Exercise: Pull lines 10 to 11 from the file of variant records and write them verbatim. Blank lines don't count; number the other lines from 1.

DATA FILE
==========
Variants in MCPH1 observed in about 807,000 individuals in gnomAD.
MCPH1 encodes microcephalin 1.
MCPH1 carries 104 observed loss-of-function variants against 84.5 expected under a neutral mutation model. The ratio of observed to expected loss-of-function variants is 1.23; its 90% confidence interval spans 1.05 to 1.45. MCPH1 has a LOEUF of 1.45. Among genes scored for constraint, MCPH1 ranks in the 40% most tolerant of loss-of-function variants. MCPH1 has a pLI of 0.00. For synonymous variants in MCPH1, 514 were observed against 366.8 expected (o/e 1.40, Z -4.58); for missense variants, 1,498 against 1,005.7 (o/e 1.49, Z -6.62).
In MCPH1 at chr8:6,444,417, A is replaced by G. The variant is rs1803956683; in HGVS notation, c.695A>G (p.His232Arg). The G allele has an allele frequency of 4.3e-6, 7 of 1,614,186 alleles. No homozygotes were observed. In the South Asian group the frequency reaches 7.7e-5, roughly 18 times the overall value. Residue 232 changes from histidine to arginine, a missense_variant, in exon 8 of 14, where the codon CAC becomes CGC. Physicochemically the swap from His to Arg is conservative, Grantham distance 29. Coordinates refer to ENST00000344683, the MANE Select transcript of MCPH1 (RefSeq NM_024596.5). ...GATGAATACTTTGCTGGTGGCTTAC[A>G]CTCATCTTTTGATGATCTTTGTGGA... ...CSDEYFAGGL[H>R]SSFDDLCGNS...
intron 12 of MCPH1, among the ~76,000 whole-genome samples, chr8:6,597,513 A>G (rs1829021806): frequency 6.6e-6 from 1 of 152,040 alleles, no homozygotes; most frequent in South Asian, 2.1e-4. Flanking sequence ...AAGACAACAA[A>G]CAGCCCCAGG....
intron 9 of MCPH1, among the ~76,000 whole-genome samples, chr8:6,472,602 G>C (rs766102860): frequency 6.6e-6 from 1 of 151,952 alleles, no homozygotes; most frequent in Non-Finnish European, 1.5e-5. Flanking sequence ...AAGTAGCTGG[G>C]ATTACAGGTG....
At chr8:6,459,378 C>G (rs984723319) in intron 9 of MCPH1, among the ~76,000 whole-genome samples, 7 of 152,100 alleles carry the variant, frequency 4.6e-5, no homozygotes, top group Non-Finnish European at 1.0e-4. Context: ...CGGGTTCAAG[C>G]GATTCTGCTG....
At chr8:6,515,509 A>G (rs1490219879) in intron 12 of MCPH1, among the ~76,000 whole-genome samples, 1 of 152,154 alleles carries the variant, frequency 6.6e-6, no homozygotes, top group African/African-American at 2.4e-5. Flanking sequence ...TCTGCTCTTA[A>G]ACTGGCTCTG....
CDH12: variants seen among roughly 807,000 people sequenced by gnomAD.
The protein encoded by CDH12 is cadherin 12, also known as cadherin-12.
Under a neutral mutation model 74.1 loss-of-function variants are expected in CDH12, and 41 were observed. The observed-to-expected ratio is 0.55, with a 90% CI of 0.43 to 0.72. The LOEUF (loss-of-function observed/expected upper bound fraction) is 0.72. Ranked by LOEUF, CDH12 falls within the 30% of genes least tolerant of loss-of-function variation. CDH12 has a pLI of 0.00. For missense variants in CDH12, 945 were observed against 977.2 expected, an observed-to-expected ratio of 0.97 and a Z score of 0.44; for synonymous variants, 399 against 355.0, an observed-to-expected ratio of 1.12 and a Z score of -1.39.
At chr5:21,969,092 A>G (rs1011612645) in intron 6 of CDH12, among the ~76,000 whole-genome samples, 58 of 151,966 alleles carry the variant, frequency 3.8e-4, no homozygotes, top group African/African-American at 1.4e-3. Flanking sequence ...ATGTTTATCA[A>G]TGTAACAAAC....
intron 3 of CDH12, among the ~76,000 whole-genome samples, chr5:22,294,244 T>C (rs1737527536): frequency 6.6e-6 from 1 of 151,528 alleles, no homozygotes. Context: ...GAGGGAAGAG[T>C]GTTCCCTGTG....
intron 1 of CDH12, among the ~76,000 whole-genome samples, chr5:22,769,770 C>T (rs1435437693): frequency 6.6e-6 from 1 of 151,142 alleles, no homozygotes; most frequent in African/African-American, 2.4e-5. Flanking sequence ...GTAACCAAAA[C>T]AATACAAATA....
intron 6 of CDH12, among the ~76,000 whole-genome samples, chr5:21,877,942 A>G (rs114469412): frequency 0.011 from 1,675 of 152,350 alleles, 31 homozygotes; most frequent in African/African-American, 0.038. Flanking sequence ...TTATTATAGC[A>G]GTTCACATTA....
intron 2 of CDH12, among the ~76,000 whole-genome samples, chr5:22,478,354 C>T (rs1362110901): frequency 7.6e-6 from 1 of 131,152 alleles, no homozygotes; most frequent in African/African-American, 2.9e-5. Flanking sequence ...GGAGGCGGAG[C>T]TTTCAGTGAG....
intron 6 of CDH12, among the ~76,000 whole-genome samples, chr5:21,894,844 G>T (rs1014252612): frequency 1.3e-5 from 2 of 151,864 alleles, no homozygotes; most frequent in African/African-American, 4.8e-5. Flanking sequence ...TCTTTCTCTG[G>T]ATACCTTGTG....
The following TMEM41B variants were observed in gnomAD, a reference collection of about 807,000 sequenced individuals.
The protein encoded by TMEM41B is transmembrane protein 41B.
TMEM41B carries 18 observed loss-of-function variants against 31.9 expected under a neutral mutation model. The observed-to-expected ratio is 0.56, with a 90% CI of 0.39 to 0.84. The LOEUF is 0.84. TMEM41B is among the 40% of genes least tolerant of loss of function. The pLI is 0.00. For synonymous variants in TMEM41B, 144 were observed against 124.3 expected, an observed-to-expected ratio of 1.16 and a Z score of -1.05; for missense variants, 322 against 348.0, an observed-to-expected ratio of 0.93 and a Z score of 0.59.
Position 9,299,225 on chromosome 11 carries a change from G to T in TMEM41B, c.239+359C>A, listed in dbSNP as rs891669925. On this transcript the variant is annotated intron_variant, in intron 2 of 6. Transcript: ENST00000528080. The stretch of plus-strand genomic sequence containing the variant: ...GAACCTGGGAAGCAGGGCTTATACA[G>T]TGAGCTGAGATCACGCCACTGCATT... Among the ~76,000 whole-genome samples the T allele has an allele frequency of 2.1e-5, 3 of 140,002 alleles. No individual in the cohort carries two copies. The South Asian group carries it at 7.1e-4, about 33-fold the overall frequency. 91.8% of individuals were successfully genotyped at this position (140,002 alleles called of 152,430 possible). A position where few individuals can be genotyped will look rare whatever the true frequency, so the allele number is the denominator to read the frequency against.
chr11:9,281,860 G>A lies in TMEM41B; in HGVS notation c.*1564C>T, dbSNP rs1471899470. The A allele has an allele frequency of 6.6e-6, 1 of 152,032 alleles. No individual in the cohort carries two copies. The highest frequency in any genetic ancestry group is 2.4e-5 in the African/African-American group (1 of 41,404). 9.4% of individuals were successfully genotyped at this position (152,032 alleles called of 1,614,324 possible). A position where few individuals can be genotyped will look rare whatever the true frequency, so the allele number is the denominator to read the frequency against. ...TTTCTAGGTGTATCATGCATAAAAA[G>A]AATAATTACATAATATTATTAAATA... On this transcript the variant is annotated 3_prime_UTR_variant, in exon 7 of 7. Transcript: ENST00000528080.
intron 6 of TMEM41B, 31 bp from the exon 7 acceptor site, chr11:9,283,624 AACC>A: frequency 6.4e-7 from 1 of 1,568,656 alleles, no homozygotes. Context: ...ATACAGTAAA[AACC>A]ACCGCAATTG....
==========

The protein encoded by CDH12 is cadherin 12, also known as cadherin-12.
Under a neutral mutation model 74.1 loss-of-function variants are expected in CDH12, and 41 were observed. The observed-to-expected ratio is 0.55, with a 90% CI of 0.43 to 0.72. The LOEUF (loss-of-function observed/expected upper bound fraction) is 0.72. Ranked by LOEUF, CDH12 falls within the 30% of genes least tolerant of loss-of-function variation. CDH12 has a pLI of 0.00. For missense variants in CDH12, 945 were observed against 977.2 expected, an observed-to-expected ratio of 0.97 and a Z score of 0.44; for synonymous variants, 399 against 355.0, an observed-to-expected ratio of 1.12 and a Z score of -1.39.